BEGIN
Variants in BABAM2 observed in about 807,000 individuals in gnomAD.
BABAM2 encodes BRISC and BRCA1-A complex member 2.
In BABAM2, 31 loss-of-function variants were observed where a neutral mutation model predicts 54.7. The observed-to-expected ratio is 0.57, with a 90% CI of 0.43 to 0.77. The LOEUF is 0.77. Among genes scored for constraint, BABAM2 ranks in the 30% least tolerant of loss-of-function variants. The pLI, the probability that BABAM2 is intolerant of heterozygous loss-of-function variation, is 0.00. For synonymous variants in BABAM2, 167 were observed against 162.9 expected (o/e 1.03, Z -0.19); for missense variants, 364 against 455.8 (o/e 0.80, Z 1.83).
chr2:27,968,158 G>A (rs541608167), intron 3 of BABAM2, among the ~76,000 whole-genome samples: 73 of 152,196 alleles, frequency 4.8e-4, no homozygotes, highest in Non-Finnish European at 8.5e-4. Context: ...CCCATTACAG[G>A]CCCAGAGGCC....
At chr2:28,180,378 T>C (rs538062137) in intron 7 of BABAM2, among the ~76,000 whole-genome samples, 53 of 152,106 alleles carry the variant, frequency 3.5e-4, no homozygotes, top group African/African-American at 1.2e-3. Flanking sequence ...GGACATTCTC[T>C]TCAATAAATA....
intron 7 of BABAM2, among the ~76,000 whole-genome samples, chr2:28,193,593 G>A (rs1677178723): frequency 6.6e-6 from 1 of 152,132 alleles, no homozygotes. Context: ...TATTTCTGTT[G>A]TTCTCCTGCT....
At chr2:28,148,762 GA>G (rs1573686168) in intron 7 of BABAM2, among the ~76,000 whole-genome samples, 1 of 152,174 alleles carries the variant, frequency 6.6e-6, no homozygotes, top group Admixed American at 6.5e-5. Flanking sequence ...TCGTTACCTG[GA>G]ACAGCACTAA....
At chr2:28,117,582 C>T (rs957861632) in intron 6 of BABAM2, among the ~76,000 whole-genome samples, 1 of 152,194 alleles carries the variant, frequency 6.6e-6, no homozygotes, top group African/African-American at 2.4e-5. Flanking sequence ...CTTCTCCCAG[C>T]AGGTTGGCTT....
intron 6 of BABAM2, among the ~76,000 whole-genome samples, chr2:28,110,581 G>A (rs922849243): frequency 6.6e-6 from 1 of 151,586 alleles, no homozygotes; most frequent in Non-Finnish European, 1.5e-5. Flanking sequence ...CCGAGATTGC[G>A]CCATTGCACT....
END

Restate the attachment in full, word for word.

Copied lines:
Variants in BABAM2 observed in about 807,000 individuals in gnomAD.
BABAM2 encodes BRISC and BRCA1-A complex member 2.
In BABAM2, 31 loss-of-function variants were observed where a neutral mutation model predicts 54.7. The observed-to-expected ratio is 0.57, with a 90% CI of 0.43 to 0.77. The LOEUF is 0.77. Among genes scored for constraint, BABAM2 ranks in the 30% least tolerant of loss-of-function variants. The pLI, the probability that BABAM2 is intolerant of heterozygous loss-of-function variation, is 0.00. For synonymous variants in BABAM2, 167 were observed against 162.9 expected (o/e 1.03, Z -0.19); for missense variants, 364 against 455.8 (o/e 0.80, Z 1.83).
chr2:27,968,158 G>A (rs541608167), intron 3 of BABAM2, among the ~76,000 whole-genome samples: 73 of 152,196 alleles, frequency 4.8e-4, no homozygotes, highest in Non-Finnish European at 8.5e-4. Context: ...CCCATTACAG[G>A]CCCAGAGGCC....
At chr2:28,180,378 T>C (rs538062137) in intron 7 of BABAM2, among the ~76,000 whole-genome samples, 53 of 152,106 alleles carry the variant, frequency 3.5e-4, no homozygotes, top group African/African-American at 1.2e-3. Flanking sequence ...GGACATTCTC[T>C]TCAATAAATA....
intron 7 of BABAM2, among the ~76,000 whole-genome samples, chr2:28,193,593 G>A (rs1677178723): frequency 6.6e-6 from 1 of 152,132 alleles, no homozygotes. Context: ...TATTTCTGTT[G>A]TTCTCCTGCT....
At chr2:28,148,762 GA>G (rs1573686168) in intron 7 of BABAM2, among the ~76,000 whole-genome samples, 1 of 152,174 alleles carries the variant, frequency 6.6e-6, no homozygotes, top group Admixed American at 6.5e-5. Flanking sequence ...TCGTTACCTG[GA>G]ACAGCACTAA....
At chr2:28,117,582 C>T (rs957861632) in intron 6 of BABAM2, among the ~76,000 whole-genome samples, 1 of 152,194 alleles carries the variant, frequency 6.6e-6, no homozygotes, top group African/African-American at 2.4e-5. Flanking sequence ...CTTCTCCCAG[C>T]AGGTTGGCTT....
intron 6 of BABAM2, among the ~76,000 whole-genome samples, chr2:28,110,581 G>A (rs922849243): frequency 6.6e-6 from 1 of 151,586 alleles, no homozygotes; most frequent in Non-Finnish European, 1.5e-5. Flanking sequence ...CCGAGATTGC[G>A]CCATTGCACT....